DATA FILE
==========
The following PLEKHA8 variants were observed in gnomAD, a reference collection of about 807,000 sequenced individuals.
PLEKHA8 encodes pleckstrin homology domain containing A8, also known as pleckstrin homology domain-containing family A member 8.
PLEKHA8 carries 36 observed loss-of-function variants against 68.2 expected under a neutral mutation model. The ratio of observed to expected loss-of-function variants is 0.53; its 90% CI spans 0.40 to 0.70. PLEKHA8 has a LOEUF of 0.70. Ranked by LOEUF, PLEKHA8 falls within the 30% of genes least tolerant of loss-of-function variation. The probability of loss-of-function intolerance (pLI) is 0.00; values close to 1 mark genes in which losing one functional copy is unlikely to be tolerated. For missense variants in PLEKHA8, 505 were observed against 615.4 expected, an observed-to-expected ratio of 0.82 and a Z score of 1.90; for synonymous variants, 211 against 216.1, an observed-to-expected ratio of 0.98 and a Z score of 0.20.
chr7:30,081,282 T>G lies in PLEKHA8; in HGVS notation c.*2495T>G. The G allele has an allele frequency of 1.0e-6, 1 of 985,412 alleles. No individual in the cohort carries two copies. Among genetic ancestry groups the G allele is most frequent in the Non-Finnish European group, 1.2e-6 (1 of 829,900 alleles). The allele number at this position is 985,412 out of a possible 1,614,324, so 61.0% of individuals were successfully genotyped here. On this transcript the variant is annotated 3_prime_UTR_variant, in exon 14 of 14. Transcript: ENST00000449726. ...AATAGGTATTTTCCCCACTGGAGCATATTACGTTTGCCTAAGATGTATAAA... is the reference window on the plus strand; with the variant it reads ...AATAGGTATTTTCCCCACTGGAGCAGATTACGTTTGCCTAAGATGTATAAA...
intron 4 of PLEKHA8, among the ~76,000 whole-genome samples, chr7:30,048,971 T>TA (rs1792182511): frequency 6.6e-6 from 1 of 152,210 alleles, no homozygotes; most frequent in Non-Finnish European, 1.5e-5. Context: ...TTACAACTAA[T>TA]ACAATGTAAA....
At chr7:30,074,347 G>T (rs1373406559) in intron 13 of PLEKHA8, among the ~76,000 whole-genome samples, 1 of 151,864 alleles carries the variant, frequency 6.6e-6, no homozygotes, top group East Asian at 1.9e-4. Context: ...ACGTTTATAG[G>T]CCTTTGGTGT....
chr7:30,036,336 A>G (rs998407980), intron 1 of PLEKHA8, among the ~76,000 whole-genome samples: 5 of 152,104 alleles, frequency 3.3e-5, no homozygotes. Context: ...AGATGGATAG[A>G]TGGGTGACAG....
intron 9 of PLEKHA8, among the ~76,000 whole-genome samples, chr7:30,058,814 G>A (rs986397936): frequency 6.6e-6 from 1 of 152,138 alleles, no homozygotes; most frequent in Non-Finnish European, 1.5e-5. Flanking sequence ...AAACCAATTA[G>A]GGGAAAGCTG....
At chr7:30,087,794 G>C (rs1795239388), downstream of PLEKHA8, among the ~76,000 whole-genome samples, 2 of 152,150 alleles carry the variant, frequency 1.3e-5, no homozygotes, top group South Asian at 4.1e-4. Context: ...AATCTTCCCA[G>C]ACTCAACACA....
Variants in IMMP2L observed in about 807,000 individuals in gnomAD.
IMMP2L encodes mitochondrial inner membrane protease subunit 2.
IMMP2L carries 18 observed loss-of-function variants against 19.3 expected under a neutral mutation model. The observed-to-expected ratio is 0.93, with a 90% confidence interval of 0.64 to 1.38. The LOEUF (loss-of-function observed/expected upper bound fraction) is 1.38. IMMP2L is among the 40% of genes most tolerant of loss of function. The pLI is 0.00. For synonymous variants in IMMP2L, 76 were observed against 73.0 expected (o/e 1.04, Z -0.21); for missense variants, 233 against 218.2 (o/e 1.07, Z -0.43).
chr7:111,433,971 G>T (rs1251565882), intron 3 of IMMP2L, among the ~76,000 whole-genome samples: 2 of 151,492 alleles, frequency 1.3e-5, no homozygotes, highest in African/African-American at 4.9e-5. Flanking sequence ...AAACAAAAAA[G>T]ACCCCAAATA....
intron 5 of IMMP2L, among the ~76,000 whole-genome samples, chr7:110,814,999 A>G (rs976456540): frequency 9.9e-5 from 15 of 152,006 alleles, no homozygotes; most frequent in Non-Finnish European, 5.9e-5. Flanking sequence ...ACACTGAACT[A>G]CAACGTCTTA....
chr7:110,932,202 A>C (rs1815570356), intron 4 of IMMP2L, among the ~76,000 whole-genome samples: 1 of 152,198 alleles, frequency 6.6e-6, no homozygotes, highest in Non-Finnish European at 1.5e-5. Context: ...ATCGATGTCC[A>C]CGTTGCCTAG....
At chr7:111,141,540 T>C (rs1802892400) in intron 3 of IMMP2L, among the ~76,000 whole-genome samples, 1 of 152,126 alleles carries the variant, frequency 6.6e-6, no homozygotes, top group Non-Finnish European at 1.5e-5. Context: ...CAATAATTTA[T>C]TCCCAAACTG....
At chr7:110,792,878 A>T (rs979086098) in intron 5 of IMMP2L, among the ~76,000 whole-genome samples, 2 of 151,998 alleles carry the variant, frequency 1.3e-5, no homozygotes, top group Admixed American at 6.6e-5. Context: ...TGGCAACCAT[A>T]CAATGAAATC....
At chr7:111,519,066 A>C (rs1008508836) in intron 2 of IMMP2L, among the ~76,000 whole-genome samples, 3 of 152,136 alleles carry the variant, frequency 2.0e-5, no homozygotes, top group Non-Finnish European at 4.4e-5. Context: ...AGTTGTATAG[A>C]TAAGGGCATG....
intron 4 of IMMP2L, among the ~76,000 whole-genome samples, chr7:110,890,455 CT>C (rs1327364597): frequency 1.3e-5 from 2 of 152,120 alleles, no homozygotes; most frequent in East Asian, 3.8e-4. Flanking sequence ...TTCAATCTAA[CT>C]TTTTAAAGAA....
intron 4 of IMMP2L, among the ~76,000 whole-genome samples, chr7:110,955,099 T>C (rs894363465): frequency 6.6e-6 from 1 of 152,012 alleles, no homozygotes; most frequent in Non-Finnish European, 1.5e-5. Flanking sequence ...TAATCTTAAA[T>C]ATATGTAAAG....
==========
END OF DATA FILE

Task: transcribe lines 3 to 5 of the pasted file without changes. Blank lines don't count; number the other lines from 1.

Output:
PLEKHA8 carries 36 observed loss-of-function variants against 68.2 expected under a neutral mutation model. The ratio of observed to expected loss-of-function variants is 0.53; its 90% CI spans 0.40 to 0.70. PLEKHA8 has a LOEUF of 0.70. Ranked by LOEUF, PLEKHA8 falls within the 30% of genes least tolerant of loss-of-function variation. The probability of loss-of-function intolerance (pLI) is 0.00; values close to 1 mark genes in which losing one functional copy is unlikely to be tolerated. For missense variants in PLEKHA8, 505 were observed against 615.4 expected, an observed-to-expected ratio of 0.82 and a Z score of 1.90; for synonymous variants, 211 against 216.1, an observed-to-expected ratio of 0.98 and a Z score of 0.20.
chr7:30,081,282 T>G lies in PLEKHA8; in HGVS notation c.*2495T>G. The G allele has an allele frequency of 1.0e-6, 1 of 985,412 alleles. No individual in the cohort carries two copies. Among genetic ancestry groups the G allele is most frequent in the Non-Finnish European group, 1.2e-6 (1 of 829,900 alleles). The allele number at this position is 985,412 out of a possible 1,614,324, so 61.0% of individuals were successfully genotyped here. On this transcript the variant is annotated 3_prime_UTR_variant, in exon 14 of 14. Transcript: ENST00000449726. ...AATAGGTATTTTCCCCACTGGAGCATATTACGTTTGCCTAAGATGTATAAA... is the reference window on the plus strand; with the variant it reads ...AATAGGTATTTTCCCCACTGGAGCAGATTACGTTTGCCTAAGATGTATAAA...
intron 4 of PLEKHA8, among the ~76,000 whole-genome samples, chr7:30,048,971 T>TA (rs1792182511): frequency 6.6e-6 from 1 of 152,210 alleles, no homozygotes; most frequent in Non-Finnish European, 1.5e-5. Context: ...TTACAACTAA[T>TA]ACAATGTAAA....